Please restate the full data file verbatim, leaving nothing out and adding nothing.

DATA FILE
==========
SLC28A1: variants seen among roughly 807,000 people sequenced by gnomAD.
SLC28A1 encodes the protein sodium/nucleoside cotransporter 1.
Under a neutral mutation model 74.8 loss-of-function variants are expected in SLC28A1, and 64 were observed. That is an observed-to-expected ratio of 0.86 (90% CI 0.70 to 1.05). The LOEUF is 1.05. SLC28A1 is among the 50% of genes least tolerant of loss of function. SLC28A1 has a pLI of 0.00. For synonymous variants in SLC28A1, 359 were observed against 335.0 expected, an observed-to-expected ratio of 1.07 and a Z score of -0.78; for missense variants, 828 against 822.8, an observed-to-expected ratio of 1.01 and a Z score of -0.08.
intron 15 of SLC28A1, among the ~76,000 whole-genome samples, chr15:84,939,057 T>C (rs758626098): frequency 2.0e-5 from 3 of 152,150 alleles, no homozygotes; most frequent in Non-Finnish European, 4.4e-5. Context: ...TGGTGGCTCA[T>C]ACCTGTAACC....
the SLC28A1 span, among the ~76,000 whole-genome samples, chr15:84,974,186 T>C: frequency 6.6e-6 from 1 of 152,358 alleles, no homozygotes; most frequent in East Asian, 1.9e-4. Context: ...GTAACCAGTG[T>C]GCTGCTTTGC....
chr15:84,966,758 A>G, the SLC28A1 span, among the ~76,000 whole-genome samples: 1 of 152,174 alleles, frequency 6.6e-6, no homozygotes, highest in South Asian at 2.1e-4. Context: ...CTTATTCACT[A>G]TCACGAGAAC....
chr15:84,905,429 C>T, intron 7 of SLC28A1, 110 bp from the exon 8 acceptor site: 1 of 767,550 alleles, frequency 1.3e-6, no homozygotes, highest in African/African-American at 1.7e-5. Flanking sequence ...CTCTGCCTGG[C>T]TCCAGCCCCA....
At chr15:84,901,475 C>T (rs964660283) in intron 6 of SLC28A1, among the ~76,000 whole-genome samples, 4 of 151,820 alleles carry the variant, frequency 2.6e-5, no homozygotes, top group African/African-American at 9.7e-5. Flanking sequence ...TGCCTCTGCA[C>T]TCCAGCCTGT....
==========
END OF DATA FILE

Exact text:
SLC28A1: variants seen among roughly 807,000 people sequenced by gnomAD.
SLC28A1 encodes the protein sodium/nucleoside cotransporter 1.
Under a neutral mutation model 74.8 loss-of-function variants are expected in SLC28A1, and 64 were observed. That is an observed-to-expected ratio of 0.86 (90% CI 0.70 to 1.05). The LOEUF is 1.05. SLC28A1 is among the 50% of genes least tolerant of loss of function. SLC28A1 has a pLI of 0.00. For synonymous variants in SLC28A1, 359 were observed against 335.0 expected, an observed-to-expected ratio of 1.07 and a Z score of -0.78; for missense variants, 828 against 822.8, an observed-to-expected ratio of 1.01 and a Z score of -0.08.
intron 15 of SLC28A1, among the ~76,000 whole-genome samples, chr15:84,939,057 T>C (rs758626098): frequency 2.0e-5 from 3 of 152,150 alleles, no homozygotes; most frequent in Non-Finnish European, 4.4e-5. Context: ...TGGTGGCTCA[T>C]ACCTGTAACC....
the SLC28A1 span, among the ~76,000 whole-genome samples, chr15:84,974,186 T>C: frequency 6.6e-6 from 1 of 152,358 alleles, no homozygotes; most frequent in East Asian, 1.9e-4. Context: ...GTAACCAGTG[T>C]GCTGCTTTGC....
chr15:84,966,758 A>G, the SLC28A1 span, among the ~76,000 whole-genome samples: 1 of 152,174 alleles, frequency 6.6e-6, no homozygotes, highest in South Asian at 2.1e-4. Context: ...CTTATTCACT[A>G]TCACGAGAAC....
chr15:84,905,429 C>T, intron 7 of SLC28A1, 110 bp from the exon 8 acceptor site: 1 of 767,550 alleles, frequency 1.3e-6, no homozygotes, highest in African/African-American at 1.7e-5. Flanking sequence ...CTCTGCCTGG[C>T]TCCAGCCCCA....
At chr15:84,901,475 C>T (rs964660283) in intron 6 of SLC28A1, among the ~76,000 whole-genome samples, 4 of 151,820 alleles carry the variant, frequency 2.6e-5, no homozygotes, top group African/African-American at 9.7e-5. Flanking sequence ...TGCCTCTGCA[C>T]TCCAGCCTGT....